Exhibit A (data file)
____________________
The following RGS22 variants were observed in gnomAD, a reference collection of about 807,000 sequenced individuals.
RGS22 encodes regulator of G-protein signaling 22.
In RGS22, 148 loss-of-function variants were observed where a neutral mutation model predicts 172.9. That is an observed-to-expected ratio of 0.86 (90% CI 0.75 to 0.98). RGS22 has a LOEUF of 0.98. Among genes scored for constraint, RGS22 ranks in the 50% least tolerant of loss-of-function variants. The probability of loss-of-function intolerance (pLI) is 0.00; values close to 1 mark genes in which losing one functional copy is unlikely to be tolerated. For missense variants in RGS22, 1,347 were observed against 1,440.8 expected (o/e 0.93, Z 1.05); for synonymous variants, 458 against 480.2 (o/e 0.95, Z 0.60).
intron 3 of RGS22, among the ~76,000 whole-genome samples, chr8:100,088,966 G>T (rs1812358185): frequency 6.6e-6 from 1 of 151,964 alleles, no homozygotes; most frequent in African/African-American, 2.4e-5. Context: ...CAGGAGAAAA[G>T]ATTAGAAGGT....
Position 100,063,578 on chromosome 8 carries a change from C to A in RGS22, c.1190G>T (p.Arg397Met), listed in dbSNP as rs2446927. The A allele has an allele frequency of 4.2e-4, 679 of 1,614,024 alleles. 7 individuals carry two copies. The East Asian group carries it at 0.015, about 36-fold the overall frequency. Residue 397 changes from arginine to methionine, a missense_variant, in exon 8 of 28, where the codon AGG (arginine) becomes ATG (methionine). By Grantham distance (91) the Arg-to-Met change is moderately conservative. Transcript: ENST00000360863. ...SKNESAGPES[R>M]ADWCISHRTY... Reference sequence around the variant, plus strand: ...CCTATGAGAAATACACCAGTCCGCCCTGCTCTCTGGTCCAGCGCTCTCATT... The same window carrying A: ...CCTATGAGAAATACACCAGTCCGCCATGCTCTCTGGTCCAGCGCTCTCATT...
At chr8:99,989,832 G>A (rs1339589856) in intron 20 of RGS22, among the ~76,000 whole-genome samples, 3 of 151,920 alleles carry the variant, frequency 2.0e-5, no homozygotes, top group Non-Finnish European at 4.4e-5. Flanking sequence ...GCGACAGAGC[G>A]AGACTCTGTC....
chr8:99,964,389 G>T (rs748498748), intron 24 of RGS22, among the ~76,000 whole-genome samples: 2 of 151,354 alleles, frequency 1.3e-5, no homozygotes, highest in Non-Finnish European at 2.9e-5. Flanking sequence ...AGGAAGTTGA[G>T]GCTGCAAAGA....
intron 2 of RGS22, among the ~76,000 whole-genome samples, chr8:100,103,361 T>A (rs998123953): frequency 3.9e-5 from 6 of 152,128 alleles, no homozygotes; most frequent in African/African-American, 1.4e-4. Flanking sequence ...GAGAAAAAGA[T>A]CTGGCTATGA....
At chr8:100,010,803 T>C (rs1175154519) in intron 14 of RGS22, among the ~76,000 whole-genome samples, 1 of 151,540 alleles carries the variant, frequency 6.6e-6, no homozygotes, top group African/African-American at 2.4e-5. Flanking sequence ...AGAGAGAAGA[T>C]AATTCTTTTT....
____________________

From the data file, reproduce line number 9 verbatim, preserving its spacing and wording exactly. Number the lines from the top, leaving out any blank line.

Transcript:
At chr8:100,010,803 T>C (rs1175154519) in intron 14 of RGS22, among the ~76,000 whole-genome samples, 1 of 151,540 alleles carries the variant, frequency 6.6e-6, no homozygotes, top group African/African-American at 2.4e-5. Flanking sequence ...AGAGAGAAGA[T>C]AATTCTTTTT....